February 1, 2010
Follow me on Twitter

Amazon Macmillan II

Back in the early 1990’s, Eastgate made a serious run at independent bookstores as a place to buy original hypertexts. To be fair, the heavy lifting in this area was done by Bob Stein and his Voyager Company, which developed the modern eBook; we were hoping that, once Voyager had convinced stores to carry eBooks, we could convince them to carry our original hypertexts.

We had some success, especially at such forward-looking stores as Shaman Drum and Tattered Cover. We closed some chain sales, too.

But in the end, we learned a key reality of bookselling: no publisher can solve a bookstore’s problems (and booksellers always have terrible problems). And no publisher can really cause problems for a bookstore. There are always other books than yours.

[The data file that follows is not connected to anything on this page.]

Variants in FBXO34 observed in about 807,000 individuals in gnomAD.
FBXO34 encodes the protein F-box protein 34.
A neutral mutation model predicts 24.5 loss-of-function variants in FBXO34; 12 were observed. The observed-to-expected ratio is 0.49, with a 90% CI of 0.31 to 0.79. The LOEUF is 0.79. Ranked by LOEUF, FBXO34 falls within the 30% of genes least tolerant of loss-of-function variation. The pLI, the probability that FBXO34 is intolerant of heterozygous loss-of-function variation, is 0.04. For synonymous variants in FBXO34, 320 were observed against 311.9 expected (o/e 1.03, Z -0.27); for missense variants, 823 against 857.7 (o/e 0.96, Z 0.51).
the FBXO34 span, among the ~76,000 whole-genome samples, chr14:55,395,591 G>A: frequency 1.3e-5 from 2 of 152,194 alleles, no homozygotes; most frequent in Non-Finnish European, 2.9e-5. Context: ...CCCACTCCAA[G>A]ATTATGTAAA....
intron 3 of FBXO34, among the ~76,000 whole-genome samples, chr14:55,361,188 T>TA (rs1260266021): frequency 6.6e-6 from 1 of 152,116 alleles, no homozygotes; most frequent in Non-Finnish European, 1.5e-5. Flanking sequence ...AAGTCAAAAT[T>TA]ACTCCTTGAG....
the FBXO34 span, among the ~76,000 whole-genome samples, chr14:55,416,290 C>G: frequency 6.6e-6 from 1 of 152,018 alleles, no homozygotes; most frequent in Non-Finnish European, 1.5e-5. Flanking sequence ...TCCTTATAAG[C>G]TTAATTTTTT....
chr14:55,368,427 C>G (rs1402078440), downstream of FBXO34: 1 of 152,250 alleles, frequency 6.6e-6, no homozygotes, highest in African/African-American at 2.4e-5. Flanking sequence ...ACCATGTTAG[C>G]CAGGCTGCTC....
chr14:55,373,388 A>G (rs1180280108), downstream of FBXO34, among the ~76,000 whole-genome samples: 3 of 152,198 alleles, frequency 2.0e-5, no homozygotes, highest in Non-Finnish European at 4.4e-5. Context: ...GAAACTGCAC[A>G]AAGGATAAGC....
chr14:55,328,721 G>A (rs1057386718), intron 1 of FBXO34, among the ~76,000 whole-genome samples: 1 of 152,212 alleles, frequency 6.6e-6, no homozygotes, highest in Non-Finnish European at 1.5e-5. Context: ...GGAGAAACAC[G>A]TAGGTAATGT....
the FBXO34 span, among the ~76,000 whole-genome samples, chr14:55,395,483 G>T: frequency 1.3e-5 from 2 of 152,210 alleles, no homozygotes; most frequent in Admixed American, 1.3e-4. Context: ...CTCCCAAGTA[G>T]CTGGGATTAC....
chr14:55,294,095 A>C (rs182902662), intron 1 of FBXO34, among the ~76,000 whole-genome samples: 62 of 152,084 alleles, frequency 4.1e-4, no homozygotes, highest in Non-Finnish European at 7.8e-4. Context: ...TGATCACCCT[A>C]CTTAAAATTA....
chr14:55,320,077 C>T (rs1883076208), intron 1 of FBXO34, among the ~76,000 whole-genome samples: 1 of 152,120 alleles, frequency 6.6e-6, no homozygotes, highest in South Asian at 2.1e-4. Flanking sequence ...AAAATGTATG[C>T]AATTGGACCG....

Scholastic was able to cause some problems with the later volumes of Harry Potter. But that’s an exceptional case, and even then the problems were annoyances that seldom threatened the store’s existence.

This is the nub of what makes Amazon vs. Macmillan so interesting. Has Amazon become so large that it can make problems for a publisher? Perhaps. If so, we’re into monopoly territory. (This, incidentally, is why I’m so suspicious that the Sunday Forum Statement from Amazon was irregular; mentioning monopolies does Macmillan no harm but threatens Amazon, so it’s strange for Amazon to raise the subject.)

A further fascinating sideline: if Amazon is willing to risk legal sanctions and widespread hostility, then Amazon must think this part of the business is worth a fight. Is the book business really the core of Amazon? Amazon says its the world’s biggest bookstore, but they know their core business is fulfillment, not books. Books were a great place to start — prestigious, non-perishable, rectangular – but they were only practice.

I’ve always thought that the Kindle was, for Amazon, a nice little sideline, a speculation play that had a low but finite probability of a really big payoff in 5-10 years. That’s consistent with Amazon to date, but inconsistent with Macmillan: you don’t go to war over a side bet.